2016, artificial gravity, gravity, Mars, muscle wasting, NASA, space
Date: Year 1, Sur One, Sol 4 (1.1.4)
The International Space Station (ISS) taught us a valuable lesson. Floating around in a weightless environment is not good for the human body. Even with 5 hours of daily exercise astronauts have experienced significant loss of muscle mass. Most of the astronauts studied were in space six months or less, and Mars Mission astronauts will likely spend a year or more in space.
We have the ability to create an artificial gravity by designing our spacecraft to rotate the sections occupied by humans. Our solution to this is to have sections (or ‘quills’) perpendicular to the main core of the craft or station, and have the entire ship rotate on the long axis. This means that an astronaut works and lives in a group of three-story quill sections that provide a gravity environment similar to Earth.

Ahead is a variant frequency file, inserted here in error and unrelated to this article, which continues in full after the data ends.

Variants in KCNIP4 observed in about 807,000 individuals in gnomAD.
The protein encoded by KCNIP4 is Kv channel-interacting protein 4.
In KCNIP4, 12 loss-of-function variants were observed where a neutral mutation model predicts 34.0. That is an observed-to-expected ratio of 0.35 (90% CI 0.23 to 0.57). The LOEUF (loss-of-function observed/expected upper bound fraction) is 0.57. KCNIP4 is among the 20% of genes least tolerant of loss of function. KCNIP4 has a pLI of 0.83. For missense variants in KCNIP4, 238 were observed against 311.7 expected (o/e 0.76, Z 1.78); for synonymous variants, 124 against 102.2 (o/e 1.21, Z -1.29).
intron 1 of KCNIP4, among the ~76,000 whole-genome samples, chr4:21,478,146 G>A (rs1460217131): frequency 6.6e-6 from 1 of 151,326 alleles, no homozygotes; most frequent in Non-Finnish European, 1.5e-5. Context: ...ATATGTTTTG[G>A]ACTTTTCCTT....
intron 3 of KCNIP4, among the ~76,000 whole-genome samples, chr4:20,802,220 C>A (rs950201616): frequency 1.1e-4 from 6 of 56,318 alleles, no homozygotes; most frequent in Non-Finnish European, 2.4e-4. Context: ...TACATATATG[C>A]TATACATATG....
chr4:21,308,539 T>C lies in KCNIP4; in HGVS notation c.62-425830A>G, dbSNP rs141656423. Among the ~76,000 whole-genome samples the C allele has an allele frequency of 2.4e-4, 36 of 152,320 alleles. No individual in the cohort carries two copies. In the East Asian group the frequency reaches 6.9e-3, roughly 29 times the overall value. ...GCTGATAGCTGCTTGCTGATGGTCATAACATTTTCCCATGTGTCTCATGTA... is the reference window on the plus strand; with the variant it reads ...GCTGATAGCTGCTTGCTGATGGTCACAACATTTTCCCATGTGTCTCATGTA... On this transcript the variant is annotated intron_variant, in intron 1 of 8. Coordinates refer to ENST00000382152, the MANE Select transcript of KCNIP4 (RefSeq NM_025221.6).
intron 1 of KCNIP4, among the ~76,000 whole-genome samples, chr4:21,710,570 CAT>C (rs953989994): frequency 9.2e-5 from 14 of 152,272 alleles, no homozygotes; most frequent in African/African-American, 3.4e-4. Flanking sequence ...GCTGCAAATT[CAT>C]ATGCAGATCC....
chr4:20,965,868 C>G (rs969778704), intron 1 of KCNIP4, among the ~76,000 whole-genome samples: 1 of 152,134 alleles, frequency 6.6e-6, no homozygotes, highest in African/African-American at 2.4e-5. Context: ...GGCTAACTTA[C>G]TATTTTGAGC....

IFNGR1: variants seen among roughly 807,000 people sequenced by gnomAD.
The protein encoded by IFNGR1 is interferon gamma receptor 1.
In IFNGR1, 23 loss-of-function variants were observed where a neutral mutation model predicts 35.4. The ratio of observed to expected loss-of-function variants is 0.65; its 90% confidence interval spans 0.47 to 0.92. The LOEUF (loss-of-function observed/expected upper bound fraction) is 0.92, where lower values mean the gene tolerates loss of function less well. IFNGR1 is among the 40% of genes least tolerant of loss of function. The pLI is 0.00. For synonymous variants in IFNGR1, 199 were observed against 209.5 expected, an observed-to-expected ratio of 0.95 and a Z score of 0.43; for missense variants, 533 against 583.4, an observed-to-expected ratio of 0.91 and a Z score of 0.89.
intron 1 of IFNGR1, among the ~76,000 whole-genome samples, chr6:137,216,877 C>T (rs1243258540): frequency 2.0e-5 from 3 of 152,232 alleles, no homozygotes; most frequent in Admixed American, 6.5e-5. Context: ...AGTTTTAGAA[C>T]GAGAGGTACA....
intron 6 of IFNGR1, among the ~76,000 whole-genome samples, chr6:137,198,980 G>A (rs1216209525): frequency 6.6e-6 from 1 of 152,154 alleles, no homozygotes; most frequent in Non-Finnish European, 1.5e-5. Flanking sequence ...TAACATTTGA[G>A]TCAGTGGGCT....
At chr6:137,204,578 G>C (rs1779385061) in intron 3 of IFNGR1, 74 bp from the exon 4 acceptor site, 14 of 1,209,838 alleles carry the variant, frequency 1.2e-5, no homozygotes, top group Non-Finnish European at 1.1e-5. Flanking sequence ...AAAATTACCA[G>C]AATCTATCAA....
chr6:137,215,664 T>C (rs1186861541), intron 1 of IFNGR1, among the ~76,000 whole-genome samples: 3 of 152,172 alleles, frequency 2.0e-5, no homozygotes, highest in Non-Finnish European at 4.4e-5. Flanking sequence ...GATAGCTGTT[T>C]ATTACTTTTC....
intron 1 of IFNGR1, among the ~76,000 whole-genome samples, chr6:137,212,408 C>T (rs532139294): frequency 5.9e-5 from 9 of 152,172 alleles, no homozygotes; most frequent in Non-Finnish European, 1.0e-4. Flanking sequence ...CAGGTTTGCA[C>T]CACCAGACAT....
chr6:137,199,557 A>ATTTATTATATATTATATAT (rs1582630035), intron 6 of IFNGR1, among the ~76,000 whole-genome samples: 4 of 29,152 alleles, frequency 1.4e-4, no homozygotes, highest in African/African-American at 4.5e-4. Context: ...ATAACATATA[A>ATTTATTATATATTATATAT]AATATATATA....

In addition, the astronauts exercise every time they climb up into the core, or climb down into another quill. This avoids wasting time on exercising and allows the astronauts to focus on other activities.
Both the ESS Sagan and the ESS QEII have been placed into rotation and are providing a gravity environment for the astronauts and workers preparing the ships for their launches. We are still evaluating the results of gravity environments and their impact on preventing muscle wasting, but the data so far is very encouraging.